Buried beneath this tower-dominated Victorian mansion is Glebe Cottage built in 1832 by James Brown who was assigned convict labour. Comprising five rooms plus servants’ quarters, the “genteel building” was set on six acres with fresh water and fruit trees.

Ships’ flags flew at half-mast following the Customs House official’s death in 1836 shortly after his wife’s passing, orphaning six young children. Insured for £500 and a worshipper at the Independent Chapel, Brown had made Toxteth Park’s George Allen an executor of his will. Allen arranged the auction of Glebe Cottage’s furniture, contents, horse, phaeton and cart, and its rental.

First tenant was solicitor Edward Dormer O’Reilly who had vacated by 1847. Merchant Walter Scott lived at Rosebank Cottage (where he kept Newfoundlands and a cow – milking was one of the cook’s duties) for at least 20 years before moving to Derwent Street in 1881.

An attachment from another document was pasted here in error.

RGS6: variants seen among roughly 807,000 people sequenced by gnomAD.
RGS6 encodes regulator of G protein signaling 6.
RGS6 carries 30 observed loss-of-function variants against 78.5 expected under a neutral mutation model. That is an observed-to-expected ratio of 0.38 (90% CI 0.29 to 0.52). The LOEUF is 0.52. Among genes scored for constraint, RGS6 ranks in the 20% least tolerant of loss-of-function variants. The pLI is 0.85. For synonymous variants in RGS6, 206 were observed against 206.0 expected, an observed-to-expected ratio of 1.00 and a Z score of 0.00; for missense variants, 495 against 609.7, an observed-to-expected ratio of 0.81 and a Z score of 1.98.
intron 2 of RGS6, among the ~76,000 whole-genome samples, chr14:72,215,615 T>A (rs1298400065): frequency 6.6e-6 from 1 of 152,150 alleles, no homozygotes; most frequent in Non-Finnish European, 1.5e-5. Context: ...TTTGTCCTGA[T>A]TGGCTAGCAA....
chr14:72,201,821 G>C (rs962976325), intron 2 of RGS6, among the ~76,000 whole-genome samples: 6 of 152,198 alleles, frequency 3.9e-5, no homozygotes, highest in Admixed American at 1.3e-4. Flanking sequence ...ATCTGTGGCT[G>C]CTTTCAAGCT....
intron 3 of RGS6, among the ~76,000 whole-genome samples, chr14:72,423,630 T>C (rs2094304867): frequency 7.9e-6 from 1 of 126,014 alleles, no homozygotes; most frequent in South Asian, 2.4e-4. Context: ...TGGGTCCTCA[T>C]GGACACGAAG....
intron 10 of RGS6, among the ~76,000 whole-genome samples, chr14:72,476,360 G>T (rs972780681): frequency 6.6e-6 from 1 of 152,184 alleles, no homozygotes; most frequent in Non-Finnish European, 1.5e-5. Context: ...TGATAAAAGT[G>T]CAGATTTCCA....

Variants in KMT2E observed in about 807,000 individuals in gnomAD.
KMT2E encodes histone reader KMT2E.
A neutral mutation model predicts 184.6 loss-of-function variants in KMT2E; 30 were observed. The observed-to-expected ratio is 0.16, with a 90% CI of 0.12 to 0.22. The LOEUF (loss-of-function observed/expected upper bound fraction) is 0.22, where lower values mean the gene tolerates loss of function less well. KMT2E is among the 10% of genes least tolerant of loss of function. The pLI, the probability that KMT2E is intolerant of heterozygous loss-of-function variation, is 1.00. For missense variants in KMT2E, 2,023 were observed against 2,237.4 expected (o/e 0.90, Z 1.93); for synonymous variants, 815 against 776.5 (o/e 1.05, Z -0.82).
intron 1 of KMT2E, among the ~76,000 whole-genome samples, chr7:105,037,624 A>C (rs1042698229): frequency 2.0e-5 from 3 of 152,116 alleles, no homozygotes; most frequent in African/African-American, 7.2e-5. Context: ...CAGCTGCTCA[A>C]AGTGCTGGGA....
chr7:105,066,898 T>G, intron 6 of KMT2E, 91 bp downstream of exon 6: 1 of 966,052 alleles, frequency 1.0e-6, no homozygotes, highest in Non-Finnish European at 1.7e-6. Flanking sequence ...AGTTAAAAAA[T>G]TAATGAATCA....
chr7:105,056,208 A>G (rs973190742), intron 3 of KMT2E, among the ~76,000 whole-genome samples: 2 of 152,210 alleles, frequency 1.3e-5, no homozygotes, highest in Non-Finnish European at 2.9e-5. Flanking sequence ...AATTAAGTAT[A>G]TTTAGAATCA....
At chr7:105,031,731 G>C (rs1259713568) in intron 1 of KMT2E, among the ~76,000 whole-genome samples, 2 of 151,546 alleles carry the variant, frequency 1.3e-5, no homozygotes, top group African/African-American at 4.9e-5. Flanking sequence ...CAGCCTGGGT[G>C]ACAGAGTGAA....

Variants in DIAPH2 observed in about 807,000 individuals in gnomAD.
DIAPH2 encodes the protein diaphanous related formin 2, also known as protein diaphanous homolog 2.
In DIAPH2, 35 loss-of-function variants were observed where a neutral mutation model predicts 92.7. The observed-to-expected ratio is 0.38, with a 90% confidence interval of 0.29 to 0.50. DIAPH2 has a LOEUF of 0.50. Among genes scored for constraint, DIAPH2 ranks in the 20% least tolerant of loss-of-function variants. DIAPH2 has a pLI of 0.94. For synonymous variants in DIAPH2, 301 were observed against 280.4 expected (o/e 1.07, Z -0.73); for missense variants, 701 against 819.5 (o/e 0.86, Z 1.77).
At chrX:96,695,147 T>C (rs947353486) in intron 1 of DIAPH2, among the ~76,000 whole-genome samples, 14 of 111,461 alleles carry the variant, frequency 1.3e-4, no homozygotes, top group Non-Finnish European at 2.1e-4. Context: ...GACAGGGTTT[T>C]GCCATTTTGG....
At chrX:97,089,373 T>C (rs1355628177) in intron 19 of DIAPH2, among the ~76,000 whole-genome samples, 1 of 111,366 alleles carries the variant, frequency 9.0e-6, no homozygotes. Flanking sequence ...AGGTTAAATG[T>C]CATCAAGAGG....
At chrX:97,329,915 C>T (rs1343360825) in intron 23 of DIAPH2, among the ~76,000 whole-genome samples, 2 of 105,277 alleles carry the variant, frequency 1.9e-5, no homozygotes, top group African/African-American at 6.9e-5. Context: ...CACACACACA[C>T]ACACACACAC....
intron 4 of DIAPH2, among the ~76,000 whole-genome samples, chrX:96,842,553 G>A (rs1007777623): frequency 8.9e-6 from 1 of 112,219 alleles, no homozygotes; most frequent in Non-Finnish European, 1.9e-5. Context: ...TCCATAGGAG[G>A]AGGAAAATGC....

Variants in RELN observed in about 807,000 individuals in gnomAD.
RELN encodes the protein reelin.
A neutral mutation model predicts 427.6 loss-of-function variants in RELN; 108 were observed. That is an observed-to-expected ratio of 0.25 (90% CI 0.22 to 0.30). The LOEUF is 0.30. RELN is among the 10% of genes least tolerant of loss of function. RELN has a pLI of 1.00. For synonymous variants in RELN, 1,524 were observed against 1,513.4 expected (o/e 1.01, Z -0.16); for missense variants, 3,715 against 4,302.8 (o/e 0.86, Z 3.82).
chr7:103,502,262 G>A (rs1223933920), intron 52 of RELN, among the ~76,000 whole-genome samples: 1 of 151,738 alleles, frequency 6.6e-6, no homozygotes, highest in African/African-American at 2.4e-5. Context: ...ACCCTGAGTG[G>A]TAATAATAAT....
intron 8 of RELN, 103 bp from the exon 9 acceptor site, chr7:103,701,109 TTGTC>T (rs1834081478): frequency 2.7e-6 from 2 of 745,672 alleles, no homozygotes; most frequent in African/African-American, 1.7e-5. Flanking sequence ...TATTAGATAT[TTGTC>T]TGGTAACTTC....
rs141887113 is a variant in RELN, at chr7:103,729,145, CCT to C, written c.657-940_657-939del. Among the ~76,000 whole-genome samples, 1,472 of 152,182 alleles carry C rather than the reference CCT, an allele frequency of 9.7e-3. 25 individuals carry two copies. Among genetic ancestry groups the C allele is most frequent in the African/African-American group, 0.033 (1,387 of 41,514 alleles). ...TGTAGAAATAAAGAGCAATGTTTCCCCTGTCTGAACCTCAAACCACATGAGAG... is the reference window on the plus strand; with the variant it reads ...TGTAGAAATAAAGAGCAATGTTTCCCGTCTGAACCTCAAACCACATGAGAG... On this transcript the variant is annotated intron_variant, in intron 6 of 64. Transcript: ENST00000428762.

It is likely that Rosebank was transformed into a ninebedroom edifice during the 1882-94 ownership of wealthy fellmonger John Henry Geddes. Pawnbroker Isaac Lewis Isaacs died at Rosebank in 1895, leaving his widow and daughters well off. In 1899 the Rosebank Estate was subdivided and put up for auction.

In 1903 the Sydney Female Refuge for “fallen and intemperate women” moved from Pitt Street to Rosebank. After 1927 the building operated as the Rosebank Refuge for Elderly Ladies, Hammonds Private Hotel, the Victoria Alice Lamkin Welfare Centre and the Glebe Home for Aged Men. It was a Community Health Centre before undergoing restoration as private accommodation.

Rosebank was progressively hemmed in as the land around was subdivided. Major incursions were made by the Hereford Cottages, built by 1875, and shops and a cinema fronting Glebe Point Road in the 1930s.